I am again plunging into NaNoWriMo this year. I should concentrate on book three of my crime trilogy, The Delphic Murders – Killers Match, but as with all things writing it might be secondary to another ‘bright and shiny project’ – a prequel to my Rython series. I am excited to begin Malgraf’s journey in the novella entiitled Malgraf’s Dawning. So once the 25,000 or so words of that story/novella are completed, I will ‘finish’ NanWriMo with the beginning book three.
Who says writer’s can’t be flexible. Truth be told new ideas are always the shiniest prospect, we are essentially magpies.
I would love to hear about your project for NaNoWriMo this year. And you can always add me as a buddy on the website. Look up MandyB
Good luck , happy writing and see you on the other side.
As we all know the definition of a trope in literary terms is a plot device or character attribute that is used so commonly in a genre that it is commonplace or conventional. I’ve recently been intrigued by the bad boy-good girl trope of romance books and movies, especially trilogies. It may have something to do with a draft manuscript I have on the back burner, which has a bad girl – good boy (you know me I like to switch things up!) It is interesting to see this specific relationship scenario played out, and the complexities of the plots. (Some better and more believable than others!)
I have researched three such movie trilogies/series and have found the basic characters and their flaws and/or strengths to be the very similar in each. Obviously, the plots and character lives are different, but the basic character structures are easily identifiable.
The Kissing Booth
Each one has a damaged, aloof, unattainable male character and also an innocent, charming, loving female character. The love aspect of the relationships are played out with various obstacles, misunderstandings and heart break scenarios. The characters go through intense, fractured and profound changes. The females become stronger and more capable of ‘controlling’ and understanding their love interest, while the male character’s go through a realization process that this specific woman can, in fact, love them for who they are.
So, why go to these lengths, you may ask? Well, there is that draft manuscript languishing in the pile, but also I am working on a trilogy and it is the character development, I am most interested in. Readers want to ‘see’ a character develop and change, overcome obstacles and have some sort of resolution. With trilogies, or indeed, any series, this is the ‘draw’ for a reader. How will the character overcome, manage and ultimately succeed?
With Christian and Anastasia in Fifty Shades – he is emotionally and physically damaged from childhood trauma and he ‘copes’ with punishing his mother look-a-likes in the playroom. Ana shows him there is another way to love and forgive.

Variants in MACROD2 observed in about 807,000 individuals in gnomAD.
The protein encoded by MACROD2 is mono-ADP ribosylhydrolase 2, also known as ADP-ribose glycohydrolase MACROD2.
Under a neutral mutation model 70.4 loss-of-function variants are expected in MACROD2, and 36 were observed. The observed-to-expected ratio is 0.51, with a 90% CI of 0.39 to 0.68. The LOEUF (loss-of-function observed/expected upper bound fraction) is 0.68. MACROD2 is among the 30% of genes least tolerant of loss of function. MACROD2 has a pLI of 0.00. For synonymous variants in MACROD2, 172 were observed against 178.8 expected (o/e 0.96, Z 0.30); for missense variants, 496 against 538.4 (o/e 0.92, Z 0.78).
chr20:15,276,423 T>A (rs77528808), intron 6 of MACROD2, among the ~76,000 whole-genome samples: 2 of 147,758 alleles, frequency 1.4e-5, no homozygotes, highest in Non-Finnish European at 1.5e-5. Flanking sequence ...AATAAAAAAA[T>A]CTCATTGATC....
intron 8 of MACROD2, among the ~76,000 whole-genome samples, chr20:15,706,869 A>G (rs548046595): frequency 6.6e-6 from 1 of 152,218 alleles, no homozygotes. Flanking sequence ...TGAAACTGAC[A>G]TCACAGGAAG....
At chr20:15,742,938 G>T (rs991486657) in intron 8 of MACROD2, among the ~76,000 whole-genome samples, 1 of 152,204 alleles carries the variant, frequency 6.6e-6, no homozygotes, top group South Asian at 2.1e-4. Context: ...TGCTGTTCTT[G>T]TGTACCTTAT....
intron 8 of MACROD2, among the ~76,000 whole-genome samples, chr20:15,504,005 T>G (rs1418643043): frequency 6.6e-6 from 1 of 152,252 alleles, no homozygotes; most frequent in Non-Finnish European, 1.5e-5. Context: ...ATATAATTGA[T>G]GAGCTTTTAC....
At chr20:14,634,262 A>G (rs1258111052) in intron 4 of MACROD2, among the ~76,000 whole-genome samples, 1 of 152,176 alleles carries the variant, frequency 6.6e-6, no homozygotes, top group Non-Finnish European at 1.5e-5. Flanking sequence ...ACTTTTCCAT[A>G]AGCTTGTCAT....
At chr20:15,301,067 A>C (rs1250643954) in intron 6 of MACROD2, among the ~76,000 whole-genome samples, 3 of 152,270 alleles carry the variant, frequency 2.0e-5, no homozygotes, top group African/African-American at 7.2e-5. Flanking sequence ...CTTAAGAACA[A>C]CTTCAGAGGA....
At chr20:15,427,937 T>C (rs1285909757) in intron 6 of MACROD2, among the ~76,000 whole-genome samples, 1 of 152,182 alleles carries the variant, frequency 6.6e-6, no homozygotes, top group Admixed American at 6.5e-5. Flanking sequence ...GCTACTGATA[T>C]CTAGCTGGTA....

With Elle and Noah in The Kissing Booth she breaks the rule of having a relationship with her best friend, Lee’s brother. It is a forbidden love full of secrets, guilt and at times an unattainable relationship. Elle risks her life long friendship with Lee to pursue Noah. The trilogy follows the characters through high school to college.
With Edward and Bella, again there is the unattainable relationship, this time between a vampire and a human. This is the ultimate taboo. Bella is convinced she is destined to be a vampire, but Edward will do anything to protect her from such an existence. The third player is Jacob, a werewolf, which adds to the complexity of the relationship as he is also in love with Bella. The two male character’s have a instinctive, historical hatred for each other, but both will do anything to protect Bella.
As you can see the similarities are obvious with each story with conflicts between the two main characters and their connection to each other, no matter the obstacles.
Can you name another series with this bad boy – good girl scenario?
When creating a story the main element is the characters within the narrative. To ensure we, and our readers, can visualize and become empathic with these protagonists and antagonists, we need to take into account their personalities and backstory. We can begin by asking questions to enable us to create a fully formed character.
What is this character’s name?
Names are a vital first impression for your reader. It can denote an age, location or era. Research names for your story that will fit time and place. You may also chose a name that has a significant meaning.
2. How old are they?
You can state a character’s age, or allude to it with their reactions, preferences or actions.
3. What do they look like?